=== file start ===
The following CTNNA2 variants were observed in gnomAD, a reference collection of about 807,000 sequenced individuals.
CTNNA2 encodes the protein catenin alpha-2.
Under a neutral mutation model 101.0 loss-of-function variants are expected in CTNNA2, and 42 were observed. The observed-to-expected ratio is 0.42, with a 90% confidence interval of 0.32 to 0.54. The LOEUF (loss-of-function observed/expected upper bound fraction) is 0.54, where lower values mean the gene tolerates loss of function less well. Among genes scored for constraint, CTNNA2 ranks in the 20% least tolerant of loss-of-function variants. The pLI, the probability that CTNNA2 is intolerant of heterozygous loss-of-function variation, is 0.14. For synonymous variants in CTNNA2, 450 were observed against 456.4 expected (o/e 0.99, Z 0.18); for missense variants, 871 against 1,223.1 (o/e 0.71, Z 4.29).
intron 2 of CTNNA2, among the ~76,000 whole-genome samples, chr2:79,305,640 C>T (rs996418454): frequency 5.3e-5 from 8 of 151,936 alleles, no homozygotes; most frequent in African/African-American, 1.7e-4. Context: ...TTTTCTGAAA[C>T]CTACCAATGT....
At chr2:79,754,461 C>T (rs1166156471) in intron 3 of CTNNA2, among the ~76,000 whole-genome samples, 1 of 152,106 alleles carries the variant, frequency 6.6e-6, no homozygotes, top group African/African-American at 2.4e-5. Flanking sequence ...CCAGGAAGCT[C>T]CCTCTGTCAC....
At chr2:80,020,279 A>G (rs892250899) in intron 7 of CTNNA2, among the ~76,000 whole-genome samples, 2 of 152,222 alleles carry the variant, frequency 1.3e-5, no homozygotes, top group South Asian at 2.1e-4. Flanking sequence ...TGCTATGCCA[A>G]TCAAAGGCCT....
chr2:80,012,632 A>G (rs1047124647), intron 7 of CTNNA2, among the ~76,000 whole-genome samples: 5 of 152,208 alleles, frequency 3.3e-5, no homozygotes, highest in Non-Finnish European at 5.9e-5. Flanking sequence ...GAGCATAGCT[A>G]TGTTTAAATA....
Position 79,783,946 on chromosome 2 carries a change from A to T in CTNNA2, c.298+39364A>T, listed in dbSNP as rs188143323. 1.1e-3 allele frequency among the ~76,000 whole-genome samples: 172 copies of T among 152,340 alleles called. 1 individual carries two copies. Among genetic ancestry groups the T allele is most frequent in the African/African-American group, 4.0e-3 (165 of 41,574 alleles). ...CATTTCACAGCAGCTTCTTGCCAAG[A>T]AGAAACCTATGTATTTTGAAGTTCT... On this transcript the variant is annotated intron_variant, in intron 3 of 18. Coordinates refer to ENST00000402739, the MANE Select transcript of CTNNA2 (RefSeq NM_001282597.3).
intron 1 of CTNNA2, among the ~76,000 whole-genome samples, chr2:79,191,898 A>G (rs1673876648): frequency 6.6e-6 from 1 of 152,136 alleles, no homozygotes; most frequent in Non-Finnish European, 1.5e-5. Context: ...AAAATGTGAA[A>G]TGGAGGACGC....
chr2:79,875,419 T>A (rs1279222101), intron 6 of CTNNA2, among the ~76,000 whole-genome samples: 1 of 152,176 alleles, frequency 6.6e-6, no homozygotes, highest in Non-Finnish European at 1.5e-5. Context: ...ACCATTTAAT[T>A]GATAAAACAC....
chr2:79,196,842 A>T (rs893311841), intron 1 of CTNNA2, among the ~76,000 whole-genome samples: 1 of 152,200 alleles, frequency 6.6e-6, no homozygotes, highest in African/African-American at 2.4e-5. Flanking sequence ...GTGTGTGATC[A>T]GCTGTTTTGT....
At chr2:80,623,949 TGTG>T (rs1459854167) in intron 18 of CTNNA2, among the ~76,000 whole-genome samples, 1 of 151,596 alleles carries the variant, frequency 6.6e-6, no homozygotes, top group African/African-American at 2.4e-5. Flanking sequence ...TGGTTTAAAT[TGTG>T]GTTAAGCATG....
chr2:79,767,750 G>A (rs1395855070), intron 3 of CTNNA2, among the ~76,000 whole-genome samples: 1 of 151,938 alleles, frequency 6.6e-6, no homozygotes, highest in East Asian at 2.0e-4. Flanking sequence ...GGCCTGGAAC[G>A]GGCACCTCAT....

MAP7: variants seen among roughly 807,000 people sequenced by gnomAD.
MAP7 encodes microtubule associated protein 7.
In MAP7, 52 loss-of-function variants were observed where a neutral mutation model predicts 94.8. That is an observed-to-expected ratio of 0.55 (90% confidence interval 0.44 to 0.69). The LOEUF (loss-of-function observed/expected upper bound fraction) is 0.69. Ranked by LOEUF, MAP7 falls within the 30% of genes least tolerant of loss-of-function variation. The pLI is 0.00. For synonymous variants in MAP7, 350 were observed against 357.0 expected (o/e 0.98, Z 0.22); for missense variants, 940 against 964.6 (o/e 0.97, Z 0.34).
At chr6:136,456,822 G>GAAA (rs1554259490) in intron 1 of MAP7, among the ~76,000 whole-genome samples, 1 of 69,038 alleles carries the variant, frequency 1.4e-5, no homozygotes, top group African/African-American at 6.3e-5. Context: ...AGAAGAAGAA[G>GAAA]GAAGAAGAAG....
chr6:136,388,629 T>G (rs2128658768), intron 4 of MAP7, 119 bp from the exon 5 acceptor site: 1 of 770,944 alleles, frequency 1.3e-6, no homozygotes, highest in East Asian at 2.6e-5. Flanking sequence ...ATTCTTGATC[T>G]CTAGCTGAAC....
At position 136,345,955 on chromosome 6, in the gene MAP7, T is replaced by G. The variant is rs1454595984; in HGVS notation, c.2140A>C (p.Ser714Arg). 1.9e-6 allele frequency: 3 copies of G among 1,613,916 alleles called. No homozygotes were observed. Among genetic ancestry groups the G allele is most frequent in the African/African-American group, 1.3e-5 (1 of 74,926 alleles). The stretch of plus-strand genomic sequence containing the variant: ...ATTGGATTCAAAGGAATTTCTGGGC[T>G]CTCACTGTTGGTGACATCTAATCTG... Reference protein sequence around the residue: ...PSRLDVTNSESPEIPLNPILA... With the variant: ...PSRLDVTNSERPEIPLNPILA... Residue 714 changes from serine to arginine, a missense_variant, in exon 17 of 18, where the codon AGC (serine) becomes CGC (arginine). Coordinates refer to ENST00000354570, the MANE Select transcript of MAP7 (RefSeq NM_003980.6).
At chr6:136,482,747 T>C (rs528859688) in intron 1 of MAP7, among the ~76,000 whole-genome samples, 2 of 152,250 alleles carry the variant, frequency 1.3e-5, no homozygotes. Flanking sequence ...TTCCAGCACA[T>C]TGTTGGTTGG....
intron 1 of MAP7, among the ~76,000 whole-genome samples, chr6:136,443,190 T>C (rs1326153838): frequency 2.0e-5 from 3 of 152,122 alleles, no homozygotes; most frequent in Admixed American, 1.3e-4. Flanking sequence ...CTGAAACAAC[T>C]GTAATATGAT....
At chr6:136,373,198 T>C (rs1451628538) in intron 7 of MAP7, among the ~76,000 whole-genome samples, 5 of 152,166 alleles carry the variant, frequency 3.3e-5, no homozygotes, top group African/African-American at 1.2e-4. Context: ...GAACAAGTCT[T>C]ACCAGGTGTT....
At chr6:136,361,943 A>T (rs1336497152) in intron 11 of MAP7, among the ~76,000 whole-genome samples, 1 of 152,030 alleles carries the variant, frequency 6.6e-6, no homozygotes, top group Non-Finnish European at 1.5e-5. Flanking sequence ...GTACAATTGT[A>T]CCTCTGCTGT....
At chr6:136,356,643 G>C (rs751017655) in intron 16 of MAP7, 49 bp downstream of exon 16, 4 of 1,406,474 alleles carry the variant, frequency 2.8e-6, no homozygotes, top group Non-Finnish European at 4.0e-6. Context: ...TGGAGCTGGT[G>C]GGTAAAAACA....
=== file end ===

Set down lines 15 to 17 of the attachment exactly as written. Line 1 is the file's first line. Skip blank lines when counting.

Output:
MAP7 encodes microtubule associated protein 7.
In MAP7, 52 loss-of-function variants were observed where a neutral mutation model predicts 94.8. That is an observed-to-expected ratio of 0.55 (90% confidence interval 0.44 to 0.69). The LOEUF (loss-of-function observed/expected upper bound fraction) is 0.69. Ranked by LOEUF, MAP7 falls within the 30% of genes least tolerant of loss-of-function variation. The pLI is 0.00. For synonymous variants in MAP7, 350 were observed against 357.0 expected (o/e 0.98, Z 0.22); for missense variants, 940 against 964.6 (o/e 0.97, Z 0.34).
At chr6:136,456,822 G>GAAA (rs1554259490) in intron 1 of MAP7, among the ~76,000 whole-genome samples, 1 of 69,038 alleles carries the variant, frequency 1.4e-5, no homozygotes, top group African/African-American at 6.3e-5. Context: ...AGAAGAAGAA[G>GAAA]GAAGAAGAAG....